Helping others

When news comes that someone special to someone you know has died, you want to help in someway. But it can be difficult to know the right thing to do. You may want to send a card, you may plan to go to the funeral, but there may be more that you can do. Find out here how you can support your friend in one of life’s hardest moments.

Sooner or later we will all know someone who has had someone they know die (has ‘been bereaved’). If someone has died and your friend is grieving, you may be wondering how you can help. You may be tempted to avoid them because you feel you don’t know what to say. You may be worried about making matters worse by saying the wrong thing.

The simple truth is that nothing you say will be able to take away the person’s painful feelings. On the other hand, your attitude will speak volumes. Just spending time with them says you care. So, do not worry about what to say. Very often, listening to the person who has had someone die is more important than saying the ‘right’ thing.


Most bereaved people feel the need to go over and over the details of the death. Doing so helps them take on board what has happened. They are beginning the slow process of getting the awful truth to sink in, however much they desperately want things to be different. Even though you may find it difficult to listen to the details, this is a powerful way to show your support.

There is no standard or ‘right’ way for someone to grieve. Most people feel a range of emotions as the days and weeks go by.

  • At the beginning they can feel ‘numb’, as if someone has turned a switch.
  • Then, most have times of sadness and may be very tearful.
  • They may seem stuck in one emotion, believing they will never feel happy again.
  • Or their moods may change rather quickly.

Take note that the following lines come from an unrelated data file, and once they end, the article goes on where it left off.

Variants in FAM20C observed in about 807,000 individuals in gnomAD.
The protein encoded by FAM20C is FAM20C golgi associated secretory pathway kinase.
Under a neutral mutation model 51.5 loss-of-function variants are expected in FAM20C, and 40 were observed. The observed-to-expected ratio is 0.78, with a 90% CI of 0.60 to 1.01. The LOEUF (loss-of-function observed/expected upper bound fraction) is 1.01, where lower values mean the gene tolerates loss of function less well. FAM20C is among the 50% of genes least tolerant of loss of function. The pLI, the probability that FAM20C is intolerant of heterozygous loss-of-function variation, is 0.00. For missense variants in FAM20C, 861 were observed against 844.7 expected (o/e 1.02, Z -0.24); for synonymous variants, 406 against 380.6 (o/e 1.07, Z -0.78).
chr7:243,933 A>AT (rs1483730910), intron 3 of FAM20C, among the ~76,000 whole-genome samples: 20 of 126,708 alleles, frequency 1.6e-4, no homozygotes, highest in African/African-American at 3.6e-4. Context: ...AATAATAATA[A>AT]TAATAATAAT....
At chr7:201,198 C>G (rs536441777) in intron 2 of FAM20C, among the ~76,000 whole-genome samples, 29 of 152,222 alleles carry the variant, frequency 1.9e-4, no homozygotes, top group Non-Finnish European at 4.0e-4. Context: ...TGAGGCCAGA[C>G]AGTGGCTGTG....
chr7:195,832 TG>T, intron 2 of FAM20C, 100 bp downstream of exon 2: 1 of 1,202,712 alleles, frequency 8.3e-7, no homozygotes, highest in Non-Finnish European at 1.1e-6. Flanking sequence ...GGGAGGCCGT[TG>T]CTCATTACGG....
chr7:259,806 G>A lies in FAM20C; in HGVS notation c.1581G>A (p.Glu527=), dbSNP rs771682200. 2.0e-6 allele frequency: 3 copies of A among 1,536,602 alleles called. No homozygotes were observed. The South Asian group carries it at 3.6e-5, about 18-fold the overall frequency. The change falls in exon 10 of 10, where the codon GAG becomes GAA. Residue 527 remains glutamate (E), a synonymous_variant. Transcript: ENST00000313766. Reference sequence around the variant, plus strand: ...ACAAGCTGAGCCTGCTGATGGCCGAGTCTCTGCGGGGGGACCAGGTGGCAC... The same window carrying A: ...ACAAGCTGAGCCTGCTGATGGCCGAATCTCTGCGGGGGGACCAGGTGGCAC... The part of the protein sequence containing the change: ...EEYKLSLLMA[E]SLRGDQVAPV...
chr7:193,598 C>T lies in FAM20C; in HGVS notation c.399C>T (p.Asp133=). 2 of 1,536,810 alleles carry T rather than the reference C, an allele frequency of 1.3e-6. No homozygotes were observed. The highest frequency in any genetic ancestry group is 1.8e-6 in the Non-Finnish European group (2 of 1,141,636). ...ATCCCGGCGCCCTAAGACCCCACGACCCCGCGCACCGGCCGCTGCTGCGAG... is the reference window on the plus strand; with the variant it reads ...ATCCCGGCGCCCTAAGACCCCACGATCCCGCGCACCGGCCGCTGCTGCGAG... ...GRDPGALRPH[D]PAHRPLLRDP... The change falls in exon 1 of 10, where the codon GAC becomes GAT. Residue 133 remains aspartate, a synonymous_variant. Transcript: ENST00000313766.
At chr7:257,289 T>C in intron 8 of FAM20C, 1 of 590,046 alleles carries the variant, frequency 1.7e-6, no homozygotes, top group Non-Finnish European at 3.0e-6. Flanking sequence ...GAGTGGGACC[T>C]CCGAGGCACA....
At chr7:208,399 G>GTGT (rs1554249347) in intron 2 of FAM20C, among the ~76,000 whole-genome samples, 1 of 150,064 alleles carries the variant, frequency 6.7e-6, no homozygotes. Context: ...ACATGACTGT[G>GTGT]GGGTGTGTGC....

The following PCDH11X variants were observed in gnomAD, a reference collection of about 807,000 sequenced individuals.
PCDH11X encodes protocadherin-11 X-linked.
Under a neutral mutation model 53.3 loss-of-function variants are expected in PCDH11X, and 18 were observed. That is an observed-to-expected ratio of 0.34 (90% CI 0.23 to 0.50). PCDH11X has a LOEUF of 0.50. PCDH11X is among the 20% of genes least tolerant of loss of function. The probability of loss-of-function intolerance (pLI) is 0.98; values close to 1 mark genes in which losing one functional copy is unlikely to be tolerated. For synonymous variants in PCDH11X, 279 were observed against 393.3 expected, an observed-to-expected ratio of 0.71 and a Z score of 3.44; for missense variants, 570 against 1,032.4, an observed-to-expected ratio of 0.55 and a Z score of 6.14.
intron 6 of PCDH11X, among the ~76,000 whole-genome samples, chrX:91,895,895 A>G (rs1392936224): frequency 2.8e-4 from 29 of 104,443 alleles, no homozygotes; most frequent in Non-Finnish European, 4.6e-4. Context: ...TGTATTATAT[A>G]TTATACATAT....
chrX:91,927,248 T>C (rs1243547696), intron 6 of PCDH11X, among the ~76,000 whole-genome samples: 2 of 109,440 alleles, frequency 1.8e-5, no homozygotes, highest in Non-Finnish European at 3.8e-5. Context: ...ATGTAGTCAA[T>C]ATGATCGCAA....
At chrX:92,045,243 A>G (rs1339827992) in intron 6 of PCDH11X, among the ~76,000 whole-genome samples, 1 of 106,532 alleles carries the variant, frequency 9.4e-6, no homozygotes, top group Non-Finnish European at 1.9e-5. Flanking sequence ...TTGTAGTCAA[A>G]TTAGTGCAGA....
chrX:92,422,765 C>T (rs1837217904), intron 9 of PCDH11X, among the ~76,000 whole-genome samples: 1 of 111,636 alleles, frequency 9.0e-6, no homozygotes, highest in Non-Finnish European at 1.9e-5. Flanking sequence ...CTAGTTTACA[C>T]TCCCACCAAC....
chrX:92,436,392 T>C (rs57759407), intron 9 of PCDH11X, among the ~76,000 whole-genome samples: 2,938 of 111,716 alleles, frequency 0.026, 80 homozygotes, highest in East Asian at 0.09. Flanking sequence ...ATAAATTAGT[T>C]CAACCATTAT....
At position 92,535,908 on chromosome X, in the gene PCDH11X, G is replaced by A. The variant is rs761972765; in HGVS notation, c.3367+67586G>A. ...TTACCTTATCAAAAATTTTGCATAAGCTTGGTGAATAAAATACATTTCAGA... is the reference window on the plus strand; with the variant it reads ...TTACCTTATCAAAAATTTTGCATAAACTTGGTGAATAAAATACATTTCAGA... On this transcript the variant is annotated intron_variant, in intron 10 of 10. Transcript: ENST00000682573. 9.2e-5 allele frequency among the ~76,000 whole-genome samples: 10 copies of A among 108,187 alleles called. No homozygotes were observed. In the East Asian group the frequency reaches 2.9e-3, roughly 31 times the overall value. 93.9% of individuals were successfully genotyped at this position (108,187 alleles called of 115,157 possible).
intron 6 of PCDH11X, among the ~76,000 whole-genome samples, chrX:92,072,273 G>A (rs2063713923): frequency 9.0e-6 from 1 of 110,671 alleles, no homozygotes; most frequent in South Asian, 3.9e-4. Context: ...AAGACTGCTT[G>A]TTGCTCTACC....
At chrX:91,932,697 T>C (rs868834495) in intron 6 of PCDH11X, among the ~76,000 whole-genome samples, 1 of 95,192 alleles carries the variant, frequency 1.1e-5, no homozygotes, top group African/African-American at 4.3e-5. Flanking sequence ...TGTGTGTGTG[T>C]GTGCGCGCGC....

• Emotions may even overlap, so the person cries and laughs at the same time.

The details of the death make a big difference to how the person grieves.

  • Many people have questions that keep coming back, often beginning with ‘Why’.
  • They may feel angry about the treatment the person received.
  • They may feel guilty that they did not do more for the person.

Some people need to be left on their own to cry – while others want company while they keep busy, tackling simple jobs. But grief often makes people feel very tired, so they may prefer you to keep conversations and visits short.


If you want a job to do, then you could offer to:

  • Go shopping
  • Prepare small, light meals or snacks
  • Offer transport to them or others in the family
  • Walk the dog
  • Do the washing up, run the washing machine or do some basic housework
  • Deal with phone calls and emails
  • Help with paperwork
  • Take the person to make the funeral arrangements
  • Help them make simple decisions such as how to let people know about the death
  • Offer to pray for them or help them to light a candle in church or on-line

These first few weeks are usually difficult for the person who is dealing with a bereavement. Having you at their side may make all the difference. Even though it will probably be hard for you too, you may look back on it as a special time in your own life.

Further information

  • Ongoing support

    Wherever you live, wherever the funeral takes places, whatever your link to the person who has died, the Church of England is available for you afterwards. Whether the funeral has happened recently or many years ago, discover here the different ways in which a local church is there for you.

  • Facing death and mortality

    Sometimes we just can’t push away the subject of death any longer. We find ourselves facing our own mortality, whether through our own situation or that of someone close to us. Read on for help with your thoughts and questions.